Author

Mark Hanson

Document Type

Dissertation - Open Access

Award Date

1981

Degree Name

Master of Science (MS)

Department

Economics

First Advisor

Charles E. Lamberton

Abstract

In the years 1965-1980; 59 branchline railroads with a combined mileage of 2,299.33 were abandoned. The heaviest wave of abandonments occurred in the years 1978-1980 with 33 branchlines with combined mileage of 1,592.5 being abandoned. As rail lines are abandoned, the traffic previously carried on them is shifted to the only alternative, the highway system. The traffic either is shipped directly by truck to its ultimate destination or it is shipped to a point where it can be loaded on a train. Either alternative means more traffic upon the highway system. However, the highway system may be ill-prepared to cope with the increase in traffic levels. A study commissioned by the U.S. Senate estimated that in 1970 it would have required 625 million dollars to alleviate rural road deficiencies in South Dakota. Since that time inflationary pressures have pushed construction costs up 190 percent in the period 1970-1980 and the average maintenance costs per mile rose from $1,000 per mile to $2,000 per mile in 1978. During the same period revenues generally have not kept up with the increases in costs. State funds available for state roads increased 102 percent from 1970 to 1980, federal funds available for state roads increased 22 percent in that period, and the increase of the two combined was 103 percent. The principal source of revenues used to construct and maintain the highway system is the motor fuel tax. Revenues from this source increased from $23.3 million in 1970 to $42.5 million dollars in 1980. The second major source of funding is the motor vehicle registration fee. The revenue from this source increased from 8.5 million in 1970 to $14.5 million in 1980, a 59 percent increase. The major problem with depending upon these sources of revenues is that they are not based upon the costs of maintaining and constructing the highway system. Rather, the fees are set through the political process. With the economy burdened by stagflation, legislators are reluctant to pass measures that would raise the revenues to the levels of costs. In addition, outside factors play an important role in determining the amount of revenue raised by the fuel tax and the vehicle registration fee. The objectives of this study are as follows: (1) To determine what factors have significant impacts upon the level of pavement condition of South Dakota primary arterial roads and to make estimates as to the degree of these impacts. (2) To determine what factors have significant impacts upon the level of surface maintenance expenditures of South Dakota primary arterial roads and to make estimates as to the degree of these impacts. As the process of railroad abandonment occurs there will be more traffic diverted to the state’s primary arterial system which is the work horse of the state’s highway network. Knowledge of what factors impact levels of pavement condition and maintenance expenditures and estimates of the degree of such impacts could be used as a tool in forecasting the possible consequences of various policy decisions upon the state’s highway network. By knowing the possible consequences beforehand, the planning process will be facilitated and better planning decisions can be made.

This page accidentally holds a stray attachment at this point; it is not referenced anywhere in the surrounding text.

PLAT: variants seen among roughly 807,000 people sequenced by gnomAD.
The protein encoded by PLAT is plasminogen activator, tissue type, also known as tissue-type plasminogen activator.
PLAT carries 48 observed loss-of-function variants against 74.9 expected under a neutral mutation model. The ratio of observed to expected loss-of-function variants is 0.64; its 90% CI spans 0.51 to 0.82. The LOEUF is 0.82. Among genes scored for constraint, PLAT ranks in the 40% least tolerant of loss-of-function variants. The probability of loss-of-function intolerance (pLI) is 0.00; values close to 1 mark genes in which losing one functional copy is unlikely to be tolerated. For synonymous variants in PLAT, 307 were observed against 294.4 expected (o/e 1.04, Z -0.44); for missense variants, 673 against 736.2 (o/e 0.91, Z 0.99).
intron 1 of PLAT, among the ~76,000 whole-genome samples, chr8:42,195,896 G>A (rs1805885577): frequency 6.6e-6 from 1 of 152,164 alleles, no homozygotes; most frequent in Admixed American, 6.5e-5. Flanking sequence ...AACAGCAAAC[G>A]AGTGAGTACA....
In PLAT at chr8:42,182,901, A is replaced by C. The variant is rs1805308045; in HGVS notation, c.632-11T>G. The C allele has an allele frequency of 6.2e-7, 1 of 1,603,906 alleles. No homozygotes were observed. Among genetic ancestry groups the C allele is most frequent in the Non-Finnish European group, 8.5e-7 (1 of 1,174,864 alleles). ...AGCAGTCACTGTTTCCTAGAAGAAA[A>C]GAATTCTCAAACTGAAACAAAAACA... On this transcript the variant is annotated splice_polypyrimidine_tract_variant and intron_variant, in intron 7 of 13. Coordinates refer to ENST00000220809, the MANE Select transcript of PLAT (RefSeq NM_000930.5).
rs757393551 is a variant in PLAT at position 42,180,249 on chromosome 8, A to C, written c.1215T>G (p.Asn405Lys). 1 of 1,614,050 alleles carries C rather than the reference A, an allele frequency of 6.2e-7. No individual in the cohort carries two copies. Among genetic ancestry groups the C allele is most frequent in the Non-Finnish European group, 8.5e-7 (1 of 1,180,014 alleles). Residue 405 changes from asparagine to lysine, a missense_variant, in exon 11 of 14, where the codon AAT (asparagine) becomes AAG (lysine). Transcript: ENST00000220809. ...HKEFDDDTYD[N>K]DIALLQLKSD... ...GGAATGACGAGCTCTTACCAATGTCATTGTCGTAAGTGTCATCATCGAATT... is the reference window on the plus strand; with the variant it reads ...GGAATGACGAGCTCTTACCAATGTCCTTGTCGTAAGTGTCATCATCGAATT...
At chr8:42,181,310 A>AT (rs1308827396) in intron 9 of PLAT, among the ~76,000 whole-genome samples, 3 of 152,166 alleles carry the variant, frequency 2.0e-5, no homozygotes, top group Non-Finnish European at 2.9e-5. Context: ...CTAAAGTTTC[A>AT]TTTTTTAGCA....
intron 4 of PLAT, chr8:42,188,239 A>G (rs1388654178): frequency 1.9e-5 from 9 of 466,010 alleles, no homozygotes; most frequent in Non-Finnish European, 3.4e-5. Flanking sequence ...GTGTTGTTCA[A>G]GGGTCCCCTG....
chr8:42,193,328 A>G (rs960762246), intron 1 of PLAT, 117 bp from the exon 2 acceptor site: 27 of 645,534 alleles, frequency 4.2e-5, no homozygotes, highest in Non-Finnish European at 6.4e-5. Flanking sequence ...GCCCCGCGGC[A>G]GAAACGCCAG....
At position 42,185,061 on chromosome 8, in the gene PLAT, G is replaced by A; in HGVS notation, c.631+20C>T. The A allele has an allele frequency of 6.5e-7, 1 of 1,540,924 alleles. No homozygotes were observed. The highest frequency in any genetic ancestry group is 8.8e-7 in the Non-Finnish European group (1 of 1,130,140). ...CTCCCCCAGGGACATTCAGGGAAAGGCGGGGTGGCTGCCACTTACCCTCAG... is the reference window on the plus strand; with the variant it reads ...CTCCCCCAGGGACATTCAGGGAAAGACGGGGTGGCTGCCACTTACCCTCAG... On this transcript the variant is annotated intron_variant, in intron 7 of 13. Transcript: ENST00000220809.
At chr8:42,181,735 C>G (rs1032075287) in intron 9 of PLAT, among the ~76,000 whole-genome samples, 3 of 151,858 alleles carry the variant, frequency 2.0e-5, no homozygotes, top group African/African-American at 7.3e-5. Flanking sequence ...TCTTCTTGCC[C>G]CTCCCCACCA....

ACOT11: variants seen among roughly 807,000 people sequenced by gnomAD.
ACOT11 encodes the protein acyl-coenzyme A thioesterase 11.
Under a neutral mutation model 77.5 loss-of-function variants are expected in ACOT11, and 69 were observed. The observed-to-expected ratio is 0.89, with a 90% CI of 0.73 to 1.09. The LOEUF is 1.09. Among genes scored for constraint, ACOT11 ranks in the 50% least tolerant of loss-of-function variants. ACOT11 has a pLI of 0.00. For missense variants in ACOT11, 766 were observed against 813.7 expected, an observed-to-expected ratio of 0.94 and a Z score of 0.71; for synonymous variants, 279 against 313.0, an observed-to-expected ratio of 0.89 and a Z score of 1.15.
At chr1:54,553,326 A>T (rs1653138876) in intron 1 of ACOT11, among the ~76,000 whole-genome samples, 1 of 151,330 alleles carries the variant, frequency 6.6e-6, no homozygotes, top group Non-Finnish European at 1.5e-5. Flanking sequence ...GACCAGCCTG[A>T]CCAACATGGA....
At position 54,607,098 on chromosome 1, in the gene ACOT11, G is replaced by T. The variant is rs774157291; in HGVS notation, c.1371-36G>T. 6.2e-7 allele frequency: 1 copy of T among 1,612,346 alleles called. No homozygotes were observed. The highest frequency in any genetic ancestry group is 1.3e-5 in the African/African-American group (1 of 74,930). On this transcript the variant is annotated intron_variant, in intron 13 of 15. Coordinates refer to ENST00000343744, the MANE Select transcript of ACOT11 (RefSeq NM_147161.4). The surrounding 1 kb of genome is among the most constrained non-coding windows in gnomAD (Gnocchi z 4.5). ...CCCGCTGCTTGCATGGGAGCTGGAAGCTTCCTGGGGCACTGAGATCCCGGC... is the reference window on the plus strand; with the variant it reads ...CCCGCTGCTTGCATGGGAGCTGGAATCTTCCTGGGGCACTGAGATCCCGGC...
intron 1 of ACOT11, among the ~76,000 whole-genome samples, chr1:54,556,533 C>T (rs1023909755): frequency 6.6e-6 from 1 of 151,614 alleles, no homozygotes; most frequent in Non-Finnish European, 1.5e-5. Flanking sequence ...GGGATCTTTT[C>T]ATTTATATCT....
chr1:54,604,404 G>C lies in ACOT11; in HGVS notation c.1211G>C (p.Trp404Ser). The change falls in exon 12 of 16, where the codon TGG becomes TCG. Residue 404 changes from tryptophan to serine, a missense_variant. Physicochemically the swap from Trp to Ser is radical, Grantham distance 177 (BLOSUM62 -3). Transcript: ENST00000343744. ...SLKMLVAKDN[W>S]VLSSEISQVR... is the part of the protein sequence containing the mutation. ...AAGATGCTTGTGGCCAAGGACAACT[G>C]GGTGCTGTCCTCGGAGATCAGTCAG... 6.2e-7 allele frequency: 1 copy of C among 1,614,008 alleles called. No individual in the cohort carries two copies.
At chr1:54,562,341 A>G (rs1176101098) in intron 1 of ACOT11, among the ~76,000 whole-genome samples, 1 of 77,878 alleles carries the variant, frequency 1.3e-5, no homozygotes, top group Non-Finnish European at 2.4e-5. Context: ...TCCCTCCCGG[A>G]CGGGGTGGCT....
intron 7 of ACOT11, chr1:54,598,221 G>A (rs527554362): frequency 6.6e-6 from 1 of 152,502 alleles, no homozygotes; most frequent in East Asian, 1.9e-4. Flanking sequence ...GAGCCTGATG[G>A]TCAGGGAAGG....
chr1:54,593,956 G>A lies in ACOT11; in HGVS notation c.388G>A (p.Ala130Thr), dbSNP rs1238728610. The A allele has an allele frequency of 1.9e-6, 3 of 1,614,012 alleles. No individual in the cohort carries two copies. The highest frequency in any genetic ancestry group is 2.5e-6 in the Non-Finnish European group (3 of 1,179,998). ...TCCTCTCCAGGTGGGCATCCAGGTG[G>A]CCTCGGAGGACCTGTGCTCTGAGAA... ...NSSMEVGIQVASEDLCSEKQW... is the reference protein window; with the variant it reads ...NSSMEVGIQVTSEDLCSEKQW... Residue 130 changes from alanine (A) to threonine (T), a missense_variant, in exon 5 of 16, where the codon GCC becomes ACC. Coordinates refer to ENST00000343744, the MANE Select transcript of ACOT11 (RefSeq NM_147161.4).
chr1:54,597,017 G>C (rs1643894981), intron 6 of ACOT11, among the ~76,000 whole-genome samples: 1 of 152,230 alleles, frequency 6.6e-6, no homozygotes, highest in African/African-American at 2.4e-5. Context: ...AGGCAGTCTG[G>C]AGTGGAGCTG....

Library of Congress Subject Headings

Pavements -- South Dakota
Roads -- South Dakota -- Maintenance and repair -- Costs

Format

application/pdf

Number of Pages

40

Publisher

South Dakota State University

Share

COinS